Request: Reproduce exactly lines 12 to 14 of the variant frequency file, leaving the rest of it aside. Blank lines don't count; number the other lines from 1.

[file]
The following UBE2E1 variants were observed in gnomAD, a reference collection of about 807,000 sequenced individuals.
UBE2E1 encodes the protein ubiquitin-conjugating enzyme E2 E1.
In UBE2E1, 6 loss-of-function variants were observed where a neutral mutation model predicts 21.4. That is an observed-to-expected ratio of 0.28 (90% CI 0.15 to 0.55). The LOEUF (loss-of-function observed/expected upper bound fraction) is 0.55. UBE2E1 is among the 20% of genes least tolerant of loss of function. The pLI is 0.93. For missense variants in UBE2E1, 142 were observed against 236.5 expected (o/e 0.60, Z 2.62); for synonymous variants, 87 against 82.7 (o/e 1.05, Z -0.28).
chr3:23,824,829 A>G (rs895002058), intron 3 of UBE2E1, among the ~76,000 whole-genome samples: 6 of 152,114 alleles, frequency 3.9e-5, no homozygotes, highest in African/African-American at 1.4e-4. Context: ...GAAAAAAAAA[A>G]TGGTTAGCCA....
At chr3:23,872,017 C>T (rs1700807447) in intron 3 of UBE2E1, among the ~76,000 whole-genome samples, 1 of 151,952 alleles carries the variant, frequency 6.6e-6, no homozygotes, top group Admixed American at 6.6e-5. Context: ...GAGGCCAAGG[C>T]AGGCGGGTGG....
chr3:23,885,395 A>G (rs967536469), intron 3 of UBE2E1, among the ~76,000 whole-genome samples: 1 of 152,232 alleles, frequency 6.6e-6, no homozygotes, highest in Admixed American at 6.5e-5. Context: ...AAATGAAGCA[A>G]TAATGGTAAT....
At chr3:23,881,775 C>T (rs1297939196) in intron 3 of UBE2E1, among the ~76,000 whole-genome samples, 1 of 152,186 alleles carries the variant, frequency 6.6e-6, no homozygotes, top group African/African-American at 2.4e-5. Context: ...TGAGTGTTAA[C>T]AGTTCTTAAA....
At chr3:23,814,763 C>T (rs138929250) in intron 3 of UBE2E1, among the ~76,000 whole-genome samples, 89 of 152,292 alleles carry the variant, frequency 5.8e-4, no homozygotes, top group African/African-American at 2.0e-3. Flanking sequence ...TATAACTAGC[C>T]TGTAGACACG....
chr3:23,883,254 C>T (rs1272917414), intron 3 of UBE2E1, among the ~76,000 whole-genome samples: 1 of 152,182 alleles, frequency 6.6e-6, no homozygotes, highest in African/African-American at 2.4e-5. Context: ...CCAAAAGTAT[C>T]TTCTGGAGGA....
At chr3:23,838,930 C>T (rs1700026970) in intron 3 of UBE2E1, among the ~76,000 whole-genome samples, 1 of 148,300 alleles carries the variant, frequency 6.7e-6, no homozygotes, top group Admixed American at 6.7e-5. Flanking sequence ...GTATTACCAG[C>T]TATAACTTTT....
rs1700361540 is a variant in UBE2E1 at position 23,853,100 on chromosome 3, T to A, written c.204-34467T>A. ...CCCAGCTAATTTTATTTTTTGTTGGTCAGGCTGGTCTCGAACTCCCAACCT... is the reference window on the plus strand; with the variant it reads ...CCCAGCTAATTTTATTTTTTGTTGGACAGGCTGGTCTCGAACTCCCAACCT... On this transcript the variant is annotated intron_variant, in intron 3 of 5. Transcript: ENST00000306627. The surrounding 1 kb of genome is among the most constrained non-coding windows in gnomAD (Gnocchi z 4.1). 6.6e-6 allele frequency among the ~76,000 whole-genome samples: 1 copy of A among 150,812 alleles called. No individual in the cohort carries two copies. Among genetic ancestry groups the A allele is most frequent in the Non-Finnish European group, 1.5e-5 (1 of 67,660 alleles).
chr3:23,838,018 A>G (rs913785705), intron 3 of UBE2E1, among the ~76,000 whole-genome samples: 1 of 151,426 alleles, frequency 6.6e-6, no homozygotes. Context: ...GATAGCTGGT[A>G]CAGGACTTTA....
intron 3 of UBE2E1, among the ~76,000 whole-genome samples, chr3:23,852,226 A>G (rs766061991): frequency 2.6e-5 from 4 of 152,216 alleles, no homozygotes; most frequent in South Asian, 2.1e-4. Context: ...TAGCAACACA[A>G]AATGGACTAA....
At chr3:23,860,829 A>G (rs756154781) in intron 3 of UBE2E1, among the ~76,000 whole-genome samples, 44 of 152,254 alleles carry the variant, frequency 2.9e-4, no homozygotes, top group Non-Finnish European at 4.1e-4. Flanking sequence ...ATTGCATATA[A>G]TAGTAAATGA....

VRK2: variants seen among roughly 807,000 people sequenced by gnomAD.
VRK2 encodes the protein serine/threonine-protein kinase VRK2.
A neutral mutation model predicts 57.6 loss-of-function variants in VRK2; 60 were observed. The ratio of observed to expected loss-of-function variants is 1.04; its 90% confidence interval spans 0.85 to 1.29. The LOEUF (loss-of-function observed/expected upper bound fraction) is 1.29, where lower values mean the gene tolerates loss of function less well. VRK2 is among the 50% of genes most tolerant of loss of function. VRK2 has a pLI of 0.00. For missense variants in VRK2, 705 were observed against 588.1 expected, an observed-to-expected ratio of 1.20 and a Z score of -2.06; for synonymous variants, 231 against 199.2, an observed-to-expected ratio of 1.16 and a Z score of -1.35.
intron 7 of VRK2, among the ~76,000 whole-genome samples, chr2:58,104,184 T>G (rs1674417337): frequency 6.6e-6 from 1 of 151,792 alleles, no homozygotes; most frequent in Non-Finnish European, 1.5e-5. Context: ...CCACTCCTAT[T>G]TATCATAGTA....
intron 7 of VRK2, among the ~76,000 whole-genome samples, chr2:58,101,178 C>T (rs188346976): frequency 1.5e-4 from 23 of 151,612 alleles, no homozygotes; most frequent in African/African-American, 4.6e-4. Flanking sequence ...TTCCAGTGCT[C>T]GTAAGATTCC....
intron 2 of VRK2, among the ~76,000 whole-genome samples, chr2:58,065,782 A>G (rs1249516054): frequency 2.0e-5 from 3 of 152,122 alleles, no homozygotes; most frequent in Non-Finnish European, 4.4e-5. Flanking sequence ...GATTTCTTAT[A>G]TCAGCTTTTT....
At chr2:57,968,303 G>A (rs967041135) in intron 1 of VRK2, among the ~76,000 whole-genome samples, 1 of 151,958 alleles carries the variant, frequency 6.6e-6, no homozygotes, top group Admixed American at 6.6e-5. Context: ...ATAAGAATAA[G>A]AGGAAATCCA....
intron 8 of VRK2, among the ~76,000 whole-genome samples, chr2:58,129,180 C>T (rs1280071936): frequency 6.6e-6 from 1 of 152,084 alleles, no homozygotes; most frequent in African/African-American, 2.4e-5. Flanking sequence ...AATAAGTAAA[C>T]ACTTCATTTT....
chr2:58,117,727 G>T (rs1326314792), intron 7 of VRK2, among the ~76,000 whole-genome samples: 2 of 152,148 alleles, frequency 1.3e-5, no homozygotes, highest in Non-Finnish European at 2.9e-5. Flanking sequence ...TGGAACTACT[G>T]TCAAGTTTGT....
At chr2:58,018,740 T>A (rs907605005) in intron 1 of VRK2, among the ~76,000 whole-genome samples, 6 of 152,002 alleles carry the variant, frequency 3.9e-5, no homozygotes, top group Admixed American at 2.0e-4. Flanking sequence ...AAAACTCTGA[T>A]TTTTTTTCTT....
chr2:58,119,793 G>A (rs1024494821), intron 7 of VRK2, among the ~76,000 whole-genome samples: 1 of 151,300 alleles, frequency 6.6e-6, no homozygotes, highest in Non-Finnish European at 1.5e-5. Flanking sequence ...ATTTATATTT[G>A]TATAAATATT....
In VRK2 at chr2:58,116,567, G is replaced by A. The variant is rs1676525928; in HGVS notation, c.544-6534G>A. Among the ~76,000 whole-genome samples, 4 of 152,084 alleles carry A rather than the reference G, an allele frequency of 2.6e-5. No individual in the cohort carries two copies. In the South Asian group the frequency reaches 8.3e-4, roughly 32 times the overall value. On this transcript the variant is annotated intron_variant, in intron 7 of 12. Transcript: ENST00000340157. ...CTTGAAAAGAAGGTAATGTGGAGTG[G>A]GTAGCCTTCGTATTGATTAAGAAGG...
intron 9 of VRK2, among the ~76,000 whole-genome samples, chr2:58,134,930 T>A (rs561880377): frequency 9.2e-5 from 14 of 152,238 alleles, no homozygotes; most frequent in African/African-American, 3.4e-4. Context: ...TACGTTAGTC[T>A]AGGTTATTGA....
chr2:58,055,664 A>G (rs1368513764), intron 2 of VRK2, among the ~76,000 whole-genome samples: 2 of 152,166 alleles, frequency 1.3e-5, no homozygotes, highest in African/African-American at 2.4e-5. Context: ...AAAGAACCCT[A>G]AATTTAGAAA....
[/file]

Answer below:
chr3:23,838,018 A>G (rs913785705), intron 3 of UBE2E1, among the ~76,000 whole-genome samples: 1 of 151,426 alleles, frequency 6.6e-6, no homozygotes. Context: ...GATAGCTGGT[A>G]CAGGACTTTA....
intron 3 of UBE2E1, among the ~76,000 whole-genome samples, chr3:23,852,226 A>G (rs766061991): frequency 2.6e-5 from 4 of 152,216 alleles, no homozygotes; most frequent in South Asian, 2.1e-4. Context: ...TAGCAACACA[A>G]AATGGACTAA....
At chr3:23,860,829 A>G (rs756154781) in intron 3 of UBE2E1, among the ~76,000 whole-genome samples, 44 of 152,254 alleles carry the variant, frequency 2.9e-4, no homozygotes, top group Non-Finnish European at 4.1e-4. Flanking sequence ...ATTGCATATA[A>G]TAGTAAATGA....